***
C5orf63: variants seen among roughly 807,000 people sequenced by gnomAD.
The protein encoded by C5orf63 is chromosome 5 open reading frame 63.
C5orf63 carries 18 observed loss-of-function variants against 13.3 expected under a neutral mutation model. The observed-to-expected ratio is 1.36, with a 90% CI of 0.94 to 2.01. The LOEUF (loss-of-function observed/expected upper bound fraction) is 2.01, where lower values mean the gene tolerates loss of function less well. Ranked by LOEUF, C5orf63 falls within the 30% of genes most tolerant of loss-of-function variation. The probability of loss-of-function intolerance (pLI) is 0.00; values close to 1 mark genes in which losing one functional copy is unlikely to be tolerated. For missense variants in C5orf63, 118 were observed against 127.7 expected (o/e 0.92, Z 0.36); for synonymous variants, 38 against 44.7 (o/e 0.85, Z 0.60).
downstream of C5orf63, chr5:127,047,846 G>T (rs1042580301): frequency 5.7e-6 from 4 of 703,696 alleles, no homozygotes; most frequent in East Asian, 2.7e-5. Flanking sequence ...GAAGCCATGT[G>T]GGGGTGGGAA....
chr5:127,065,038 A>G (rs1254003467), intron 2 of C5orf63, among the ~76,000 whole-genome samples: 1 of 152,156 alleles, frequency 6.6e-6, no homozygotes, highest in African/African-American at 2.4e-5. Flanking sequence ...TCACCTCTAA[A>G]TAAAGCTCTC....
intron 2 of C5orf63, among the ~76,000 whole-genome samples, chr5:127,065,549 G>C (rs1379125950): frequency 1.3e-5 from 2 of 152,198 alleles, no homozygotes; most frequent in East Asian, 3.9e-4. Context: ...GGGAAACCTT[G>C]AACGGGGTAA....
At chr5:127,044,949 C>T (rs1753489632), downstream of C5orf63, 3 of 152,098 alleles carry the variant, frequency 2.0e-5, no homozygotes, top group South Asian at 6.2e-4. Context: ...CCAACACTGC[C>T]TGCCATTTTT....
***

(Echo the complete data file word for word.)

C5orf63: variants seen among roughly 807,000 people sequenced by gnomAD.
The protein encoded by C5orf63 is chromosome 5 open reading frame 63.
C5orf63 carries 18 observed loss-of-function variants against 13.3 expected under a neutral mutation model. The observed-to-expected ratio is 1.36, with a 90% CI of 0.94 to 2.01. The LOEUF (loss-of-function observed/expected upper bound fraction) is 2.01, where lower values mean the gene tolerates loss of function less well. Ranked by LOEUF, C5orf63 falls within the 30% of genes most tolerant of loss-of-function variation. The probability of loss-of-function intolerance (pLI) is 0.00; values close to 1 mark genes in which losing one functional copy is unlikely to be tolerated. For missense variants in C5orf63, 118 were observed against 127.7 expected (o/e 0.92, Z 0.36); for synonymous variants, 38 against 44.7 (o/e 0.85, Z 0.60).
downstream of C5orf63, chr5:127,047,846 G>T (rs1042580301): frequency 5.7e-6 from 4 of 703,696 alleles, no homozygotes; most frequent in East Asian, 2.7e-5. Flanking sequence ...GAAGCCATGT[G>T]GGGGTGGGAA....
chr5:127,065,038 A>G (rs1254003467), intron 2 of C5orf63, among the ~76,000 whole-genome samples: 1 of 152,156 alleles, frequency 6.6e-6, no homozygotes, highest in African/African-American at 2.4e-5. Flanking sequence ...TCACCTCTAA[A>G]TAAAGCTCTC....
intron 2 of C5orf63, among the ~76,000 whole-genome samples, chr5:127,065,549 G>C (rs1379125950): frequency 1.3e-5 from 2 of 152,198 alleles, no homozygotes; most frequent in East Asian, 3.9e-4. Context: ...GGGAAACCTT[G>C]AACGGGGTAA....
At chr5:127,044,949 C>T (rs1753489632), downstream of C5orf63, 3 of 152,098 alleles carry the variant, frequency 2.0e-5, no homozygotes, top group South Asian at 6.2e-4. Context: ...CCAACACTGC[C>T]TGCCATTTTT....